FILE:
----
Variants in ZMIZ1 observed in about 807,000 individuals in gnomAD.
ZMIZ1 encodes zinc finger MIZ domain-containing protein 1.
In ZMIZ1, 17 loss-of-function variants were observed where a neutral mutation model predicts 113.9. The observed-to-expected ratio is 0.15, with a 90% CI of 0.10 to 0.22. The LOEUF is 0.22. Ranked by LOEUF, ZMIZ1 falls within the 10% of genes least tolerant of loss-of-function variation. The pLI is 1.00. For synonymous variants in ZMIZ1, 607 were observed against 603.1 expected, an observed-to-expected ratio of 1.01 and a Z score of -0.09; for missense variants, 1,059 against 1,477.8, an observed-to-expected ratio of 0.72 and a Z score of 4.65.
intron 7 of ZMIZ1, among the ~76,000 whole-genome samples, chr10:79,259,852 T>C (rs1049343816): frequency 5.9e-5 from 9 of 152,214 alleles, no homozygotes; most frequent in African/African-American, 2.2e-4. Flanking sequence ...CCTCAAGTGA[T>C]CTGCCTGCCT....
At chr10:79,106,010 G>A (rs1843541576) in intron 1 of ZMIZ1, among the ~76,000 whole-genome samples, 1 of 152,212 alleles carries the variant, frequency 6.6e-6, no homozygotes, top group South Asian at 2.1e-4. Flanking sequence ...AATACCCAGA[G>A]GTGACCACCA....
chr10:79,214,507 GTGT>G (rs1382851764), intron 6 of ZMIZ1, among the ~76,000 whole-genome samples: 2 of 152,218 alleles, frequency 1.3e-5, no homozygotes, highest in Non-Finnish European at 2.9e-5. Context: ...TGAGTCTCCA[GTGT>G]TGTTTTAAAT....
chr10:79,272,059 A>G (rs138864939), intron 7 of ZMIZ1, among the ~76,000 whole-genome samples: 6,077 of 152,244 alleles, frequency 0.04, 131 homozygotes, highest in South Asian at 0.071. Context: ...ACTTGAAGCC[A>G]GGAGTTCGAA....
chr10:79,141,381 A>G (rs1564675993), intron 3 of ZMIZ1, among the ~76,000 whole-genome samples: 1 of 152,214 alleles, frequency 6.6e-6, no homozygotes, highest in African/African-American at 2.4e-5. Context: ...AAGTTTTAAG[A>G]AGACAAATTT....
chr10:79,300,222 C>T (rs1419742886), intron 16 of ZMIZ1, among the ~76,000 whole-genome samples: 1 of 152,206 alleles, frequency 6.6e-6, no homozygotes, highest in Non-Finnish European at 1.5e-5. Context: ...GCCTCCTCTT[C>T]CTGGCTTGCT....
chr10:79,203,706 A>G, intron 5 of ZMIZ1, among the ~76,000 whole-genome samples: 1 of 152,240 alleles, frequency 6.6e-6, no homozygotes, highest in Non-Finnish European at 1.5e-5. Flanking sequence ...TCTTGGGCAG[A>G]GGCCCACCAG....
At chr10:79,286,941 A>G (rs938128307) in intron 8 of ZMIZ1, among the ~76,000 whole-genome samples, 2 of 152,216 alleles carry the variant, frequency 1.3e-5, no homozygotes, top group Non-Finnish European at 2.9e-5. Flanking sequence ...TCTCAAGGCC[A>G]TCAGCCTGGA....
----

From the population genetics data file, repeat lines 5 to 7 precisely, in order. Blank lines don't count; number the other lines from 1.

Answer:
At chr10:79,106,010 G>A (rs1843541576) in intron 1 of ZMIZ1, among the ~76,000 whole-genome samples, 1 of 152,212 alleles carries the variant, frequency 6.6e-6, no homozygotes, top group South Asian at 2.1e-4. Flanking sequence ...AATACCCAGA[G>A]GTGACCACCA....
chr10:79,214,507 GTGT>G (rs1382851764), intron 6 of ZMIZ1, among the ~76,000 whole-genome samples: 2 of 152,218 alleles, frequency 1.3e-5, no homozygotes, highest in Non-Finnish European at 2.9e-5. Context: ...TGAGTCTCCA[GTGT>G]TGTTTTAAAT....
chr10:79,272,059 A>G (rs138864939), intron 7 of ZMIZ1, among the ~76,000 whole-genome samples: 6,077 of 152,244 alleles, frequency 0.04, 131 homozygotes, highest in South Asian at 0.071. Context: ...ACTTGAAGCC[A>G]GGAGTTCGAA....